ECF265 ECF proteins

General description: Proteins from ECF265 have homology to proteins from original ECF30 (46.6%), ECF55 (5.84%) and ECF112 (0.51%), and are present in Firmicutes (95.80%) and Actinobacteria (3.50%).

Regulation: Members of ECF265 are associated with AS factors with one transmembrane helix (51.87%) in +1. In the case of ECF265s4 and ECF265s7, which appear primarily in the Bacillus genus, there is no apparent AS factor in their genetic context. In these groups, ECFs share the genetic neighborhood with a transcriptional repressor from PadR family (+1) and a cell cycle protein (+2) involved in peptidoglycan synthesis such as FtsW, RodA or SpoVE (Pfam: PadR and FTSW_RODA_SPOVE) in +1 and +2, respectively. PadR is involved in negative regulation of the phenolic acid metabolism and RodA is a peptidoglycan glycosyltransferase involved in peptidoglycan biosynthesis. It is possible that in these two subgroups the AS factor is substituted by transcriptional control.

Genomic context conservation: Apart from the proteins mentioned above, the only conserved element in the genomic neighborhood of members of ECF265 are the inner-membrane component of an ABC transporter (Pfam: BPD_transp_1) (ECF265s24).

Promoter motif conservation: Promoter motifs are subgroup-dependent conserved and usually contain AAC in -35 and CGTC in -10; in agreement with the prediction for original ECF30 (Staroń et al., 2009).

Summary: In summary, ECF265 seems to be regulated by putative AS factors encoded in +1 with diverse unknown domains, in contrast to original ECF30 (Staroń & Mascher, 2010). Two subgroups, ECF265s4 and ECF265s7, seem to be regulated by a PadR transcriptional repressor encoded in +1 and involved in phenolic acid metabolism. Since RodA is encoded in position +2 in ECF265s4 and ECF265s7, proteins from these subgroups might be involved in peptidoglycan biosynthesis.


 


Basic information

Number of representative ECFs: 1328

Number of non-redundant ECFs: 1781

Sequences with C-terminal extension: 0.11%

Sequences with N-terminal extension: 1.80%

Overrepresented phylum: Firmicutes [97.36%]



Sample Neighborhood

Protein WP_052130171.1 of Assembly GCF_000772955.1 (Lysinibacillus sinduriensis BLB-1 = JCM 15800)


Promoter Motif



Figures

Protein sequence length distribution

Gene neighbourhood conservation analysis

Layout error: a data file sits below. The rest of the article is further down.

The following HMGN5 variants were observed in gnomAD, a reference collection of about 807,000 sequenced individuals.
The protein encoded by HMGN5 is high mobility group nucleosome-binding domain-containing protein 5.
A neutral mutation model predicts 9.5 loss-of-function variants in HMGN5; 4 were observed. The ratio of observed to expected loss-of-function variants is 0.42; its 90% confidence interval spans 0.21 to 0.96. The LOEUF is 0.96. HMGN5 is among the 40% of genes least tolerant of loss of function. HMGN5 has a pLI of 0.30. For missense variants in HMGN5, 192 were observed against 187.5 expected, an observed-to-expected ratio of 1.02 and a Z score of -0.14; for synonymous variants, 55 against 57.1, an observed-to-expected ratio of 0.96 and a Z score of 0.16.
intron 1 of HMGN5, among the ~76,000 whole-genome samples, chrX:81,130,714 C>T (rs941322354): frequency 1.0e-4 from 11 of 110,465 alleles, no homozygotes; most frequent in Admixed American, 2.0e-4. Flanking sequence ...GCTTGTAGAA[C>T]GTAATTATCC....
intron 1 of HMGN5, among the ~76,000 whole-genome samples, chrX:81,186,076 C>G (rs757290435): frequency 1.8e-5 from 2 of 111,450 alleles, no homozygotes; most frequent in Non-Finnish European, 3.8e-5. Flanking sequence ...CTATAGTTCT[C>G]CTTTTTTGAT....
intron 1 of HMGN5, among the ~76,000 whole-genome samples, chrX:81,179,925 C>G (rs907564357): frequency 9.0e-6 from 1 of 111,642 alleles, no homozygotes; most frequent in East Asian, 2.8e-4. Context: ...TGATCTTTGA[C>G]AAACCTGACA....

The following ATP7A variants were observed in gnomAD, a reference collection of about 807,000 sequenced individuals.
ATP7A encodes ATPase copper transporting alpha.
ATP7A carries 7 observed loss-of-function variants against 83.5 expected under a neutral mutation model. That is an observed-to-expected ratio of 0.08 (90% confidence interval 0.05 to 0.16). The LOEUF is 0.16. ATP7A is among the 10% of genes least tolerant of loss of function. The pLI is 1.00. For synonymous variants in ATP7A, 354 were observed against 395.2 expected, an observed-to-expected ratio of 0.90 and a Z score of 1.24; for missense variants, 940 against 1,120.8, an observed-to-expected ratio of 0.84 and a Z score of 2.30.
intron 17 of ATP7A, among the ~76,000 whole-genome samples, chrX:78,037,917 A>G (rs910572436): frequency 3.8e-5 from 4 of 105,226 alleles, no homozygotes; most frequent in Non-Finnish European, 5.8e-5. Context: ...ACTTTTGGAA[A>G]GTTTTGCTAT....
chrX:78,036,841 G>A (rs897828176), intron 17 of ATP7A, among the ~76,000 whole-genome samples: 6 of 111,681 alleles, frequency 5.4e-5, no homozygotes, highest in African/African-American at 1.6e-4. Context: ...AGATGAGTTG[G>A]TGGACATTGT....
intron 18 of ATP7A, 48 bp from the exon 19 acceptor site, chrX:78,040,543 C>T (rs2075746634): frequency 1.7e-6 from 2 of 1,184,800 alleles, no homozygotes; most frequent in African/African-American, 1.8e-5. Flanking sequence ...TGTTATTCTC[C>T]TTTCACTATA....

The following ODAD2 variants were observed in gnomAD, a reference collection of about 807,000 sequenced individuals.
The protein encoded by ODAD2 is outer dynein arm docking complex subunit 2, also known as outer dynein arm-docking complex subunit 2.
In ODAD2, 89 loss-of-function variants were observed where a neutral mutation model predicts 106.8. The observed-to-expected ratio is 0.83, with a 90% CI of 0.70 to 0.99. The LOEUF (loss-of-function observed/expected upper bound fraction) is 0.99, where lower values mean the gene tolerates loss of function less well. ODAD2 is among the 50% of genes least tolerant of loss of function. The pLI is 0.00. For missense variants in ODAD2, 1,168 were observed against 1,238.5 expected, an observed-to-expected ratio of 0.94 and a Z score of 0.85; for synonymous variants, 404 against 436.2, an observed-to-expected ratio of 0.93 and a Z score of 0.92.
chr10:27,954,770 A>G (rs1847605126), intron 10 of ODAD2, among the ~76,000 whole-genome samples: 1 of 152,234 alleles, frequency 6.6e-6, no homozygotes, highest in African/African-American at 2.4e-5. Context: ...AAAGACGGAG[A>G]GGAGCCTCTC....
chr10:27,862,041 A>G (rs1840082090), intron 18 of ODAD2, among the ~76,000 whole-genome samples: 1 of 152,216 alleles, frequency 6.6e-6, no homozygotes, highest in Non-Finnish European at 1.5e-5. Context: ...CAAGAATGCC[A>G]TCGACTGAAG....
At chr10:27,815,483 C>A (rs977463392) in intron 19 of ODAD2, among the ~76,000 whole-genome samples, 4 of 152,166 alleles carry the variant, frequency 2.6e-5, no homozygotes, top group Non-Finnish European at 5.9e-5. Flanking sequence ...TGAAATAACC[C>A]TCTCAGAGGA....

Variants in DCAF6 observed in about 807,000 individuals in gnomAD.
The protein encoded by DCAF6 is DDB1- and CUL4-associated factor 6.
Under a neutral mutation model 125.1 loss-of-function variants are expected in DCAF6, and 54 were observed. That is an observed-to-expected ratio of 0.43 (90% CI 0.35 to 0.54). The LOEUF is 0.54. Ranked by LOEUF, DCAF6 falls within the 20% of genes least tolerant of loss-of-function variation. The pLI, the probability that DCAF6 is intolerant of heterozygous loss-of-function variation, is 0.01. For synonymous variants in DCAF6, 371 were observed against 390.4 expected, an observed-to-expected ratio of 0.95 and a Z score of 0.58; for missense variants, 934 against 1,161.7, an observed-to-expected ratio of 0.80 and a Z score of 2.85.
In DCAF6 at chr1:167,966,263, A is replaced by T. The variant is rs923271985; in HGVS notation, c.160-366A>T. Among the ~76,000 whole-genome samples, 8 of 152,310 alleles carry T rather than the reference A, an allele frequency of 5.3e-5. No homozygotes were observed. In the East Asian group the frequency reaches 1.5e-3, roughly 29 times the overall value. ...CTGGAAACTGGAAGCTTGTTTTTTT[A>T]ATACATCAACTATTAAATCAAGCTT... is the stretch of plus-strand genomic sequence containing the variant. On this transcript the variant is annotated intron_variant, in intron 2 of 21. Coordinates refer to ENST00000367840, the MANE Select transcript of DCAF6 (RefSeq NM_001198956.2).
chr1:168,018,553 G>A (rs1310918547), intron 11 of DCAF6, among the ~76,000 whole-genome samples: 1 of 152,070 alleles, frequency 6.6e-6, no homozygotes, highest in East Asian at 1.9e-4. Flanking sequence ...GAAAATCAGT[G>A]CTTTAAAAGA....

Overall Pfam domain distribution: Cumulative frequency of Pfam domains across the genetic neighborhoods. Frequency is expressed as number of Pfam domains per ECF sigma factor. Only domains present in more than 75% of the neighborhoods are shown. Genetic neighborhoods contain the proteins encoded in ±10 from the ECF coding sequence. Only the non-overlapping, highest scoring domains are considered positive. If a protein contains several copies of a domain, only one instance is further considered. In order to avoid sequence bias, only proteins from assemblies defined as "representative" or "reference" by NCBI are included (see https://www.ncbi.nlm.nih.gov/assembly/help/).
Pfam domain distribution per position: Frequency of Pfam domain architectures in the proteins encoded in ±10 (x-axis) from the ECF coding sequences. Frequency is expressed as number of times a certain domain architecture appears per ECF sigma factor. Only the highest scoring domains with no position overlap are considered in the domain architectures. Note that the order of the Pfam domains in domain architectures may differ from their name. When a protein contains several copies of a domain, only one instance is further considered. Only domain architectures present in more than 20% of the proteins encoded in any position are shown. In order to avoid sequence bias, only proteins from assemblies defined as "representative" or "reference" by NCBI are included (see https://www.ncbi.nlm.nih.gov/assembly/help/).

Related publications

Title Journal Year Authors PubMed ECF groups
The third pillar of bacterial signal transduction: classification of the extracytoplasmic function (ECF) sigma factor protein family. Molecular microbiology 2009 A. Staroń, H. Sofia, S. Dietrich, L. Ulrich, H. Liesegang, T. Mascher PubMed: 19737356 ECF103, ECF21, ECF123, ECF51, ECF39, ECF281, ECF102, ECF130, ECF122, ECF291, ECF15, ECF242, ECF22, ECF285, ECF106, ECF27, ECF31, ECF240, ECF114, ECF16, ECF38, ECF41, ECF105, ECF116, ECF111, ECF03, ECF239, ECF42, ECF294, ECF17, ECF11, ECF29, ECF235, ECF293, ECF118, ECF265, ECF30, ECF23, ECF14, ECF249, ECF18, ECF115, ECF290, ECF25, ECF121, ECF02, ECF120, ECF289, ECF28, ECF243, ECF19, ECF43, ECF107, ECF12, ECF32, ECF36, ECF292, ECF286, ECF271, ECF26, ECF40, ECF56, ECF33
General stress response in α-proteobacteria: PhyR and beyond. Molecular microbiology 2010 A. Staroń, T. Mascher PubMed: 20979331 ECF265
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